We’ve known for some time that Marvel Studios has become a big fan of pairing properties with creative artists that share certain key qualities with their protagonists. A film about a female superhero named Captain Marvel? Look for a strong female director. A film about Black Panther? Hire African-American director Ryan Coogler. This approach, which aims to appeal to advocates worried about equal representation when it comes to gender and racial equality in Hollywood, has now come in a huge way to Marvel’s TV division with a key decision about the second season of Jessica Jones.
It was revealed over the weekend that the second season of the Marvel/Netflix venture Jessica Jones would be directed entirely by women.
Melissa Rosenberg, who serves as an executive producer and as the showrunner for Jessica Jones, delved a bit into how the decision came to be. According to a report by Variety, it began innocently enough. Rosenberg and her fellow producers had made it a priority to book female directors and then, somewhere along the way, someone suggested they just book women in all of the director slots for season 2. Rosenberg liked that idea, and so they ran with it.
Rosenberg says that she thinks producers have a responsibility these days to be inclusive, and so it’s important to make “a conscious decision and itâ€™s very important that showrunners do that.“
When it comes to writers, it sounds like Rosenberg and her team didn’t have any mandates. According to the Jessica Jones showrunner, what she looks for in a writer is where their voice comes from. “When I interview a writer, Iâ€™m less interested in what youâ€™ve been doing professionally than I am in where youâ€™re from, what your parents do, whatâ€™s your life experience, what are you bringing to the table personally?â€ Rosenberg said. â€œI donâ€™t want a bunch of people who look and sound [like me] and have the experiences I have.“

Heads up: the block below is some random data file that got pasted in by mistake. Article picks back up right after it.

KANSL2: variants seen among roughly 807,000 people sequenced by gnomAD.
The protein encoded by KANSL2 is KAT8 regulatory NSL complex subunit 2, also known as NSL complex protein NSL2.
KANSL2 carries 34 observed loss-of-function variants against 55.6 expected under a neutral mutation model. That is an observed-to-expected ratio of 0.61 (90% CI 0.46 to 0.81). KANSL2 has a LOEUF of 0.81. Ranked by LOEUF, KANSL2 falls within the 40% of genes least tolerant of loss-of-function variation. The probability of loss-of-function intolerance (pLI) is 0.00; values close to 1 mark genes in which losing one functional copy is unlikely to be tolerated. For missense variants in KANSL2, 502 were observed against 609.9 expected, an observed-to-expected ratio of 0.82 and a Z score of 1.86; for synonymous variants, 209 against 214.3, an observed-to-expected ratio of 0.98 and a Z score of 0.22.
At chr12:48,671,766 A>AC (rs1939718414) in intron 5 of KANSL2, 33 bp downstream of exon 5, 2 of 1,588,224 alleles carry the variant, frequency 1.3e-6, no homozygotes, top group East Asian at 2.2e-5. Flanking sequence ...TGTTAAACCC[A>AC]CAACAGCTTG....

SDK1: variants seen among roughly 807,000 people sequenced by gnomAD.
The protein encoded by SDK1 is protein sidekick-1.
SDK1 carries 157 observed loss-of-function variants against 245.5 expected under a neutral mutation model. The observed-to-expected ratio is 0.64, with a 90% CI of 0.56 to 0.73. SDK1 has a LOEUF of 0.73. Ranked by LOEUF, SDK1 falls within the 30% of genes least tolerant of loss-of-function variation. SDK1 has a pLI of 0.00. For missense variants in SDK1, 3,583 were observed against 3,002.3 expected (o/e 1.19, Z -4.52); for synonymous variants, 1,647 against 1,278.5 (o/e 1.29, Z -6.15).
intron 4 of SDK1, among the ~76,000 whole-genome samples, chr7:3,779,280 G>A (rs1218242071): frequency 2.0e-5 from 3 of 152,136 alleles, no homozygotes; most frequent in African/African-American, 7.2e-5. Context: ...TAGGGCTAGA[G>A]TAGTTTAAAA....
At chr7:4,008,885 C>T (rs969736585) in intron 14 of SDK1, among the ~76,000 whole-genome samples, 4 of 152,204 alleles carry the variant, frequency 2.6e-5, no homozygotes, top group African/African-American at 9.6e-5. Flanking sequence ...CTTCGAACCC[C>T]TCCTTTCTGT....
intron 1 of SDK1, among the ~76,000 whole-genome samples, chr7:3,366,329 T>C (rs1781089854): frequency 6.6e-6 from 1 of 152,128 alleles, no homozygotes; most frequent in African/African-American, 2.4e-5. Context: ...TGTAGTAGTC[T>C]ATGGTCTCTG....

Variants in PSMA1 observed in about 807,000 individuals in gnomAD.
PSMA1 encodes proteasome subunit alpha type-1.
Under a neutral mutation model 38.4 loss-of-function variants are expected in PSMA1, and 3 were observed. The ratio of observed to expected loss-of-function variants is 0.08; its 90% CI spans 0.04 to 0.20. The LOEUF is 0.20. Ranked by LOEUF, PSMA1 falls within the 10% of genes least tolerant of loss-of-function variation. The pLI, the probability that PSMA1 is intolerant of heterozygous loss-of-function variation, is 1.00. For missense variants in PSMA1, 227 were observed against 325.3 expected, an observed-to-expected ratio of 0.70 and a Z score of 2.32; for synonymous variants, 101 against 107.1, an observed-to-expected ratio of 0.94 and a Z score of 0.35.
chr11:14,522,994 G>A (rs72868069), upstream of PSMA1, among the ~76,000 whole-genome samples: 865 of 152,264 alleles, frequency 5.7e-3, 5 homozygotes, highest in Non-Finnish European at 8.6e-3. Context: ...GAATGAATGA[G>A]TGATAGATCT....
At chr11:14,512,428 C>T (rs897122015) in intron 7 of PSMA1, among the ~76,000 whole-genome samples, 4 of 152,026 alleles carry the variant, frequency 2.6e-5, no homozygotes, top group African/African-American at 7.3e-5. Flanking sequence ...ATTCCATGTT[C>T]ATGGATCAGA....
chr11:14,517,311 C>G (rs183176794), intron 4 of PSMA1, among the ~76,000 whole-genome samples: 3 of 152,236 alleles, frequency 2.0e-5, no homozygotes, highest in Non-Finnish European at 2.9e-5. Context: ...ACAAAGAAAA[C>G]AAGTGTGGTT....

Of course, I can already hear this idea’s detractors. “Since when does EQUALITY mean you purposely hire only ONE group?” And that’s a fair point. But to that I would argue that we’re still- sadly- in the early days of this fight for inclusion. So we’re in a place where big, bold, sweeping moves like this are needed. Once this sort of thing becomes the new normal, then we can get to a place where studios and producers don’t feel the need to make these somewhat forced-seeming decisions.
One day, when this decision isn’t even newsworthy (because it’s sad that it’s even a story in 2016), these ham-fisted decisions won’t be necessary.
What do you think of Jessica Jones season 2 being directed entirely by women?